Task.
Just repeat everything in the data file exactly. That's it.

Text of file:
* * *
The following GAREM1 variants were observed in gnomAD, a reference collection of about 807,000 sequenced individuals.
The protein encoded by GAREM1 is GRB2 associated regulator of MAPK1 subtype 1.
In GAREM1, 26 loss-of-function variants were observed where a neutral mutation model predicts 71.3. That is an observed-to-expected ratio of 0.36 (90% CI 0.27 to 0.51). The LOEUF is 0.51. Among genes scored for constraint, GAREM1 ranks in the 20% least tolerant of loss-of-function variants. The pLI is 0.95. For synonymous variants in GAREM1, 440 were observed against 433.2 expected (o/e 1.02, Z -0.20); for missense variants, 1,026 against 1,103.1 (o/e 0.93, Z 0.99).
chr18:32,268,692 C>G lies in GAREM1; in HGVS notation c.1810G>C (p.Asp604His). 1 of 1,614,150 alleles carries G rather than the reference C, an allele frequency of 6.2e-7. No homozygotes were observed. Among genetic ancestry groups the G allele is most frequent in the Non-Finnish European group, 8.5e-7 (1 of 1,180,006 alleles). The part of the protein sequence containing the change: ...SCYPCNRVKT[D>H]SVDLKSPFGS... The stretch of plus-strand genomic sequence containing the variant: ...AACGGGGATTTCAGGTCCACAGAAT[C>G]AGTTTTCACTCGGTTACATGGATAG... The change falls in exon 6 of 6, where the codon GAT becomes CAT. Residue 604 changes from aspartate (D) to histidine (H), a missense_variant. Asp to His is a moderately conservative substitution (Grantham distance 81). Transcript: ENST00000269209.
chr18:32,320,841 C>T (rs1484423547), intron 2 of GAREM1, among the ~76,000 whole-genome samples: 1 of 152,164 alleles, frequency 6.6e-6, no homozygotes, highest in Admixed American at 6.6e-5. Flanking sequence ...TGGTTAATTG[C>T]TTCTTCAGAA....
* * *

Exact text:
The following GAREM1 variants were observed in gnomAD, a reference collection of about 807,000 sequenced individuals.
The protein encoded by GAREM1 is GRB2 associated regulator of MAPK1 subtype 1.
In GAREM1, 26 loss-of-function variants were observed where a neutral mutation model predicts 71.3. That is an observed-to-expected ratio of 0.36 (90% CI 0.27 to 0.51). The LOEUF is 0.51. Among genes scored for constraint, GAREM1 ranks in the 20% least tolerant of loss-of-function variants. The pLI is 0.95. For synonymous variants in GAREM1, 440 were observed against 433.2 expected (o/e 1.02, Z -0.20); for missense variants, 1,026 against 1,103.1 (o/e 0.93, Z 0.99).
chr18:32,268,692 C>G lies in GAREM1; in HGVS notation c.1810G>C (p.Asp604His). 1 of 1,614,150 alleles carries G rather than the reference C, an allele frequency of 6.2e-7. No homozygotes were observed. Among genetic ancestry groups the G allele is most frequent in the Non-Finnish European group, 8.5e-7 (1 of 1,180,006 alleles). The part of the protein sequence containing the change: ...SCYPCNRVKT[D>H]SVDLKSPFGS... The stretch of plus-strand genomic sequence containing the variant: ...AACGGGGATTTCAGGTCCACAGAAT[C>G]AGTTTTCACTCGGTTACATGGATAG... The change falls in exon 6 of 6, where the codon GAT becomes CAT. Residue 604 changes from aspartate (D) to histidine (H), a missense_variant. Asp to His is a moderately conservative substitution (Grantham distance 81). Transcript: ENST00000269209.
chr18:32,320,841 C>T (rs1484423547), intron 2 of GAREM1, among the ~76,000 whole-genome samples: 1 of 152,164 alleles, frequency 6.6e-6, no homozygotes, highest in Admixed American at 6.6e-5. Flanking sequence ...TGGTTAATTG[C>T]TTCTTCAGAA....